A Few More Observations From Yesterday’s Coronavirus Briefing

By May 9, 2020 Commentary

These briefings have become tiresome in their repetition of that same old messages.  I am going to do a video and a podcast soon that helps people understand the typical tricks that politicians use to mislead the public, and our Governor is increasingly utilizing the complete bag of those tricks.

So here they are.  Always make the problem seem worse than it is.  Tell people there is enormous danger and everyone is going to die (or at least 74,000 or 50,000, or 22,000 or whatever) if we don’t follow the Governor’s orders.  Then if it turns out better, it was due to his actions.  If it turns out the same, well he warned us.

Always have experts to blame things on.  The Governor constantly hides behind the “health experts”.  And if the epidemic isn’t as bad as he told people, well, blame the experts for that too.

Always say you are being balanced and considering all perspectives, but only listen to a few people and stick to what you are doing no matter how much the facts and situation change.

Always make it seem like the choice is between your actions or some really terrible scenario, like, we can’t just let everything go back to normal with no precautions.  No one is seriously suggesting that.

Always claim you are data driven and following the science, but be sure you don’t read or pay any attention to data or science that isn’t consistent with your actions.

Use really dumb analogies that might fool some people.  Yesterday it was, well if you don’t wear masks and stay-at-home you are being like someone in Britain during the German bombing who turned on their lights.  A far more apt analogy is that the Governor is telling everyone to turn out their lights because there is model plane being flown around by a child.

He has brought up several times and did it again yesterday that we can’t rush to open businesses because people won’t go anyway, as they are afraid.  They are afraid because he is peddling fear where none should exist.  I have repeatedly shown the true risk.  The Governor persists in leading everyone to believe they are, wait for it, one of his favorite words, in danger.  He has become the fear-monger in chief.  I have noted before; Roosevelt said “we have nothing to fear but fear itself”;  the British during the second World War said “keep calm and carry on”; the Governor says “be afraid, be very afraid and hide in your houses til I tell you it’s safe.”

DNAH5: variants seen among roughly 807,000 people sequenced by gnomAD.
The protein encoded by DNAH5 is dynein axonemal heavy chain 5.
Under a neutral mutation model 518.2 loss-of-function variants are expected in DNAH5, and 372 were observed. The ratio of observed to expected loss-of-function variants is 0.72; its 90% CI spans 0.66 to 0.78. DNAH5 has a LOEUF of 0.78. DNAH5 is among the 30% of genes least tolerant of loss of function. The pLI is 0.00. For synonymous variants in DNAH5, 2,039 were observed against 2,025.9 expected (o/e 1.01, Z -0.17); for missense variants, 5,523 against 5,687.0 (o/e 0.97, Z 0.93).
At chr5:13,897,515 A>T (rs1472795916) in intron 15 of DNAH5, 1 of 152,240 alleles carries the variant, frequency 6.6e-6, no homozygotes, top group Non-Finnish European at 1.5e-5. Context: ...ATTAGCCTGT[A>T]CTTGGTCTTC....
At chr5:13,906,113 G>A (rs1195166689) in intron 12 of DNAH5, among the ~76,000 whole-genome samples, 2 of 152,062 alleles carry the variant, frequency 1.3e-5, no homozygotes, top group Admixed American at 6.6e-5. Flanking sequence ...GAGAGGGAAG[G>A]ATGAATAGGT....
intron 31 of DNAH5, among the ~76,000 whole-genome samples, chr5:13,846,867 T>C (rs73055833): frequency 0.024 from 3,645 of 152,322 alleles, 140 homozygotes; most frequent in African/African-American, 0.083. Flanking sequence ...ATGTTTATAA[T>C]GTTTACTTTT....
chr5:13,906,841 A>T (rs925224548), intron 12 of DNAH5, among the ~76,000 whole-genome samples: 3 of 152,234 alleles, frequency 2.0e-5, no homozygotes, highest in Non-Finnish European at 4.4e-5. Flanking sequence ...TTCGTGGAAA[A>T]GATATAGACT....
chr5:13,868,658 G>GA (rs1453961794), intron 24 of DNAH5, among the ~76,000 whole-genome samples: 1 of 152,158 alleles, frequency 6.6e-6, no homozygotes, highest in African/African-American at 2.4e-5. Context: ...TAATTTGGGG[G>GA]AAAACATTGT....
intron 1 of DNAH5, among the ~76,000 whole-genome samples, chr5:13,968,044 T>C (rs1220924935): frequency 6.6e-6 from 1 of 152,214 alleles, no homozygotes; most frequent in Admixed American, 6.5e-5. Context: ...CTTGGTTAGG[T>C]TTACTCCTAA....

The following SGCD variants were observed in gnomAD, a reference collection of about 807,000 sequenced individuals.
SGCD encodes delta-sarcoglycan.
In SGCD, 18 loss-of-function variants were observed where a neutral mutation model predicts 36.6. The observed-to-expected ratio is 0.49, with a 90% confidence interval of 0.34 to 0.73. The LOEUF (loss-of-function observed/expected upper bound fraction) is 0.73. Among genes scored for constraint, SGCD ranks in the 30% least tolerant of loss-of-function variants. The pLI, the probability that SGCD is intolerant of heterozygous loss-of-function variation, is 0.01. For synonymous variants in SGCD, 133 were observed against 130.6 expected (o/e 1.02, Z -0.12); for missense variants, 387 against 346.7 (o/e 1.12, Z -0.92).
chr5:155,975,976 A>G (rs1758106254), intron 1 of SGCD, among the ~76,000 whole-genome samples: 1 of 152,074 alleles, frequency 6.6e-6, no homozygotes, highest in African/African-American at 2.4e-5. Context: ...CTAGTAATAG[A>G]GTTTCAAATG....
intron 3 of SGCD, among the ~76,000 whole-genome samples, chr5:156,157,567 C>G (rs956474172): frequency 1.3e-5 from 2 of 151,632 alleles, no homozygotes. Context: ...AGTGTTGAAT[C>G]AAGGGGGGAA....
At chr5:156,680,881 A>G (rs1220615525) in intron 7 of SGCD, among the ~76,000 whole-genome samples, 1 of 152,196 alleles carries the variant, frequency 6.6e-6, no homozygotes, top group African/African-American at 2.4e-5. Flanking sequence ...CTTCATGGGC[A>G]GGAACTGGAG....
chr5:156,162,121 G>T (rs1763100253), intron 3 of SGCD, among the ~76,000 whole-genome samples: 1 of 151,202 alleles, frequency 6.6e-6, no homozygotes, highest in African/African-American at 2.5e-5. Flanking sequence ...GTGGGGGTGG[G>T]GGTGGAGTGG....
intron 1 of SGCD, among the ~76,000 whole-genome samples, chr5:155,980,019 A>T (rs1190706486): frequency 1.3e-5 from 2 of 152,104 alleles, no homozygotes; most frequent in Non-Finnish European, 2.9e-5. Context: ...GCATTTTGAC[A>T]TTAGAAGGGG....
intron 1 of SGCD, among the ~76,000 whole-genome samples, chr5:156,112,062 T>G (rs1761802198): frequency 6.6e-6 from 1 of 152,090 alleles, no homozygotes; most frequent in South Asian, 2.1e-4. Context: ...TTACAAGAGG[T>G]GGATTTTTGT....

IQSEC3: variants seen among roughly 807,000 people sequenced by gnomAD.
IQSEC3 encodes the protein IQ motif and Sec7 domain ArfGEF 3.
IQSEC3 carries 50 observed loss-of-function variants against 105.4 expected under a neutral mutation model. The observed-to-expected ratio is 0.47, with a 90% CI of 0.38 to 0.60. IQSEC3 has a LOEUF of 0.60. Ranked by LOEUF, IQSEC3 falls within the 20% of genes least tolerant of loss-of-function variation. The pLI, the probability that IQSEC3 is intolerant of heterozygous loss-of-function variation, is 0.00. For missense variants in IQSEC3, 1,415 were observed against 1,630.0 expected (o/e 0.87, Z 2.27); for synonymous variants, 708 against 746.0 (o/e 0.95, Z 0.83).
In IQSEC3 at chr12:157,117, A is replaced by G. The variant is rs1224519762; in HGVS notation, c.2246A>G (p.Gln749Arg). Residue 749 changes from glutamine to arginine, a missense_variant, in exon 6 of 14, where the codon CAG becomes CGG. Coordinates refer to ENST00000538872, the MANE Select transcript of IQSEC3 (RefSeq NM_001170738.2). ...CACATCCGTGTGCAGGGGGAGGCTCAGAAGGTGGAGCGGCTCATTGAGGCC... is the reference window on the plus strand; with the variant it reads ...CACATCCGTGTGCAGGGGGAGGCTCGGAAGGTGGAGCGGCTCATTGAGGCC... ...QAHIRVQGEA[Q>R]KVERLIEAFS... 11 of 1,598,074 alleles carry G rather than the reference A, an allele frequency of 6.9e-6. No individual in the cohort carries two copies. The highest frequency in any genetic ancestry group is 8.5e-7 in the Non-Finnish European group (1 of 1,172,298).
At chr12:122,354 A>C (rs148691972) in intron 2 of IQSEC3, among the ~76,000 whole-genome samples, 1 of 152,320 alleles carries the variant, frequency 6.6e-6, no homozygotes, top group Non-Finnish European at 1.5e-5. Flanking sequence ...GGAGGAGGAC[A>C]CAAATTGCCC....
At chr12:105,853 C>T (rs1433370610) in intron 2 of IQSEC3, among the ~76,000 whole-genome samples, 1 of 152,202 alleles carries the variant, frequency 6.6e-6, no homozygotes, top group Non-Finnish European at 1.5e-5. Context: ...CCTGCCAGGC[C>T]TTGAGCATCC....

The Governor also isn’t nearly as smart or in command of the basics of an epidemic as he would like the public to believe.  Although at times warning that we will see more cases as we test more, he also talks about how more cases mean we are moving up the epidemic curve.  This is just false.  Unless we were testing everyone every day, we have no idea how many cases there are, much less how many new ones per day or what the trend is.  Minnesota has had no consistent policy or regimen, so our testing is completely uninformative about the epidemic trend.  Lately we have had more tests so we are seeing more positive results and it looks like we have more cases.  But that is completely misleading.

Assume this scenario.  Monday, there actually are 500 new cases, Tuesday there are 600, Wednesday there are 600, Thursday there are 700, Friday there are 600, Saturday there are 500, Sunday there are 400.  But you aren’t testing everyone.  I will use the same ratio of positive test results every day to show you how screwed up this is.  Let us assume the positive tests are 20%.  I only do 500 tests on Monday, so I think there are 100 new cases.  I ramp up my testing on Tuesday.  I do 1000 tests so I think there are 200 cases.  On Wednesday I do 1500 tests, so I think there are 300 cases.  By Thursday I am up to 2000 tests, and I think there are 400 cases.  This is my maximum test capacity, so on Friday I think there are 400 cases and on Saturday and Sunday.  You can see that the number of positive results bears no real relationship to the number of cases.  And unless you were consistently testing everyone or doing a random sample of the population in testing, you don’t know the number of cases.  And the way this epidemic is working, the random sample is going to be wrong too, because the virus isn’t infecting the population at equal rates; it is infecting the elderly and those with pre-existing conditions above their proportion of the population.

So the Governor can say we are doing more testing; he can say we are finding more cases; but he can’t tell us anything about the trend of the cases.  But he used this idea that we are moving up the epidemic curve, instead of up the testing curve, as a justification for keeping the lockdown in place.

Now I will point out a couple of more pieces of “data” since we are being data driven, that the Governor won’t tell you.  Our rate of deaths outside of long-term care residents has basically had no trend for weeks.  And even with LTC residents considered, there is no significant uptick in the last two weeks, in fact the trend is basically flat.  And hospitalizations and ICU use as a percent of cases is beginning to trend down, which is expected because as you do more testing you are picking up more mild and asymptomatic cases.

Also note that we aren’t getting information in these briefings any more about unemployment claims.  Over the last two weeks the Governor has claimed that over 130,000 Minnesotans could go back to work, but that isn’t happening.  Instead, the level of job loss has steadily risen, to now over 615,000 Minnesotans.

The Governor has dug his heels in and seems determined not to budge on his approach notwithstanding the fact that the epidemic poses no risk to most Minnesotans, but joblessness and other damage is rising rapidly.

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